WITH THE SENATE leadership currently unable to line up a majority behind any of the budget compromises on the table--we leave aside the subsequent need to get agreement with the House--the possibility of stalemate is real. President Reagan has made it clear that he doesn't really care if the congressional budget process goes down in flames, as long as he gets his tax cuts and defense increases. Should anyone else care?
It is true that preserving a process without substance--passing a resolution that has no chance of being translated into action--only postpones admitting the process is a failure. But reaching agreement on budget control is vitally important. If Congress adopts the resolution that the president now insists upon, the nation will be facing a string of deficits that, not only in magnitude but in terms of their claim on GNP, will be without precedent in the nation's history. Only at the peak of World War II was the deficit share--briefly--much higher.
These projections are, moreover, optimistic. They assume, for example, that a steady economic recovery continues--something that may be doubted if federal debt is absorbing over half of all private saving. And they also assume that Congress continues to submit to the discipline, however attenuated, of the budget process.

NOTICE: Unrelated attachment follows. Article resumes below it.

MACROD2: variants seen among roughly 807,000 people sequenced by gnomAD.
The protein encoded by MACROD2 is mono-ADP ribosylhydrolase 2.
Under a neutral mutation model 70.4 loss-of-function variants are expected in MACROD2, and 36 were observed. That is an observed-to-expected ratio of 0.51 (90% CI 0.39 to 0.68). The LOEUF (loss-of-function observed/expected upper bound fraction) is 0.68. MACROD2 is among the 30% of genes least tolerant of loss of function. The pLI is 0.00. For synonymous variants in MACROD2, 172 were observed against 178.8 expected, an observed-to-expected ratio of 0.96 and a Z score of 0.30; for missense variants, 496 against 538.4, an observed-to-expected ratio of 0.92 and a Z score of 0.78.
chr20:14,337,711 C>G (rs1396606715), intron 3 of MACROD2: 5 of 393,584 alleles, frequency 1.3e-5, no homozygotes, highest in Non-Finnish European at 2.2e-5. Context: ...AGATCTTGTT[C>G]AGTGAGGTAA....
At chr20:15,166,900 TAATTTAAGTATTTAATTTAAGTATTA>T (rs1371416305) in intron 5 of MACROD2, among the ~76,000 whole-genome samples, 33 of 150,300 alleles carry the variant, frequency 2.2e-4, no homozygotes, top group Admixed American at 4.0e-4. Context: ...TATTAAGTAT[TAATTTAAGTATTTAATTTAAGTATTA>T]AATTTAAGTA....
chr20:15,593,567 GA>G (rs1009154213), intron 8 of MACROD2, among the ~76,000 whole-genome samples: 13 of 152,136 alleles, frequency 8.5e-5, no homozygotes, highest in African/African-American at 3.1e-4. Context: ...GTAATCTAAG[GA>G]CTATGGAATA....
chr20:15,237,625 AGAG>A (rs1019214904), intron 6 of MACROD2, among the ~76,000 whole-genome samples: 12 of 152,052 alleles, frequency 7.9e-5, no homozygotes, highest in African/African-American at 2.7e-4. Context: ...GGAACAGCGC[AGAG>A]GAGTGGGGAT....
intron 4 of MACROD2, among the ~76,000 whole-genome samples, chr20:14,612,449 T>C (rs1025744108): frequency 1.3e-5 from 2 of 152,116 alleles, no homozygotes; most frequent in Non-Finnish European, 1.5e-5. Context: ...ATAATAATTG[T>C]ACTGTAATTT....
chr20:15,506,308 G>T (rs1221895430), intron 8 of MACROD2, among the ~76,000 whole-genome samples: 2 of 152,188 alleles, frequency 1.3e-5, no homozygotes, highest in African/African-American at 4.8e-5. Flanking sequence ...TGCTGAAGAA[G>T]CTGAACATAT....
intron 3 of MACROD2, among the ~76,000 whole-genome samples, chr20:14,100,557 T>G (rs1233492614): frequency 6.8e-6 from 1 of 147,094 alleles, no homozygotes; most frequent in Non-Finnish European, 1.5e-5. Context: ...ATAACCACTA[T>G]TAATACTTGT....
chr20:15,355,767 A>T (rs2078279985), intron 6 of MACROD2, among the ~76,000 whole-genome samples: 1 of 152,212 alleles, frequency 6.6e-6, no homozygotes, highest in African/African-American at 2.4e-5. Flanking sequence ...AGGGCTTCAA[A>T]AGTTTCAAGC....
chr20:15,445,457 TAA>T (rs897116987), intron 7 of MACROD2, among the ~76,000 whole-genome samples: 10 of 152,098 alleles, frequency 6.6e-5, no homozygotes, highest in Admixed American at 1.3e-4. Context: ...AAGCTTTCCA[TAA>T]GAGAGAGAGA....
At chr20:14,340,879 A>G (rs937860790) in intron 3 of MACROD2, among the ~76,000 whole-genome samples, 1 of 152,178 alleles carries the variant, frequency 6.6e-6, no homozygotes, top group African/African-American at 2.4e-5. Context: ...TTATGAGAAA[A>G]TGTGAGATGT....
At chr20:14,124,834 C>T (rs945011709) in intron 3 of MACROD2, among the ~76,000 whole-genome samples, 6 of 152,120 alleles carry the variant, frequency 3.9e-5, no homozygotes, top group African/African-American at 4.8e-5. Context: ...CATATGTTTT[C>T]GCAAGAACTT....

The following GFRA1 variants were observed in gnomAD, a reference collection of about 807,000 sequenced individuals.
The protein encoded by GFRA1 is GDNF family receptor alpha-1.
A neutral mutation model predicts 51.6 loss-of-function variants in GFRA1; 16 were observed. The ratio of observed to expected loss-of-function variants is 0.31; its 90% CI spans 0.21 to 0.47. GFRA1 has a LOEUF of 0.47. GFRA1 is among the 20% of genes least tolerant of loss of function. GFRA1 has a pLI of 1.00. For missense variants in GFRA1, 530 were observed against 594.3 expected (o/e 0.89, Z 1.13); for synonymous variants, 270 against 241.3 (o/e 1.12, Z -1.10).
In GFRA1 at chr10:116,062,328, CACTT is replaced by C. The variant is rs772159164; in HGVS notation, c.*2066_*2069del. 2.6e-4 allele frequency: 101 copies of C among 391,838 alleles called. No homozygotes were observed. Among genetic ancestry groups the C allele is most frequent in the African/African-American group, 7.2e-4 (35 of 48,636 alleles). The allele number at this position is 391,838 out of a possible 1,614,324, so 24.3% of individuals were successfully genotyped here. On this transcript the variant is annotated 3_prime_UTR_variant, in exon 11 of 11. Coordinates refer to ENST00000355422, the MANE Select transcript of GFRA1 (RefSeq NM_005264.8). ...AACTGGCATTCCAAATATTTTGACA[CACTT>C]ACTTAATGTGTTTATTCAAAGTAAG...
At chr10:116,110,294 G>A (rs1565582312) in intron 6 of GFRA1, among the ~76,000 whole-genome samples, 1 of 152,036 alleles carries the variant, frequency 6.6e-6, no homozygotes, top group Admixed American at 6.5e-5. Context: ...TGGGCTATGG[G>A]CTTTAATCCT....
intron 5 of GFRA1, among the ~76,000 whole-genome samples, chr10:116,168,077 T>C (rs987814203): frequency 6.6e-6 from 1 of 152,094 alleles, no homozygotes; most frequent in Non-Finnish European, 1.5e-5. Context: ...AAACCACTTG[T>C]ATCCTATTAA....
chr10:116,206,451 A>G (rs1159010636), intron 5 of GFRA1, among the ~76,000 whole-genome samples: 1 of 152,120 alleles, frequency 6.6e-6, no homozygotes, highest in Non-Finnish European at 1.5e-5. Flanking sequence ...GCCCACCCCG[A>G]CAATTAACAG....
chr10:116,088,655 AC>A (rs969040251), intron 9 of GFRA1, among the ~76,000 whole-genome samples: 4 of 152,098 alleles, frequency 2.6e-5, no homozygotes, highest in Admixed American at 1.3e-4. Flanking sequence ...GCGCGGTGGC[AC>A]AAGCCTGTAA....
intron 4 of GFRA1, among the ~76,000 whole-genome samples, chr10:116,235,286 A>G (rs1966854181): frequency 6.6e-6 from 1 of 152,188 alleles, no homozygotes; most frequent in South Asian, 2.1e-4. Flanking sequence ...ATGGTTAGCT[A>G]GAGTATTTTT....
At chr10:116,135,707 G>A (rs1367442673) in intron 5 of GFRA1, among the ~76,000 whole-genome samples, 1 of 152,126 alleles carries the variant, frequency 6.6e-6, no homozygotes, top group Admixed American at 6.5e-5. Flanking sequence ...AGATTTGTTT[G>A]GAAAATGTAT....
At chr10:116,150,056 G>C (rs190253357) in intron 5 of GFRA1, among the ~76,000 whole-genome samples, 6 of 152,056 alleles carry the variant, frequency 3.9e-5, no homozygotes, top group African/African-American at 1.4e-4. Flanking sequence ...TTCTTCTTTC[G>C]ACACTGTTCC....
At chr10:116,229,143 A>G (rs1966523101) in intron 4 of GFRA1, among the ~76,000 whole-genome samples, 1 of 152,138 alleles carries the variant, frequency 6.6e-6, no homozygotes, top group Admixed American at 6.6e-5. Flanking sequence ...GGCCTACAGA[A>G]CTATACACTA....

Without the budget reconciliation process there will be no way to force authorizing committees to make statutory changes restraining the big entitlement programs that dominate the domestic budget. Even with respect to domestic spending controlled by annual appropriations, the president will find it difficult to keep committee chairmen from pushing through increases in programs favored by their constituencies. And, of course, the president himself will be under pressure to play the same spending game with committees that control defense.
In insisting that Senate leaders stand by a budget resolution that even his own party won't support, the president has undercut the authority of men who have served his interests well thus far. He has apparently decided to count on congressional inertia to get him the tax cuts and defense increases he wants, and let the budget process fall apart. That process, with its dogged insistence on adding up spending and subtracting revenues, makes it too hard for him to square his policies with his oft- sworn allegiance to balanced budgets.
On the Topic A page today, Senate Majority Leader Howard Baker says he is still confident that "some way or the other" Congress will pass a budget resolution. But the votes in the Senate last week make it clear that the needed majority can only come from a bipartisan coalition of Senate moderates. White House aides said on Friday that the president will give the Senate "running room," but the president himself reaffirmed his opposition to tax increases. It appears that Sen. Baker will yet find himself forced to choose between allegiance to the president and commitment to the integrity of the congressional budget process.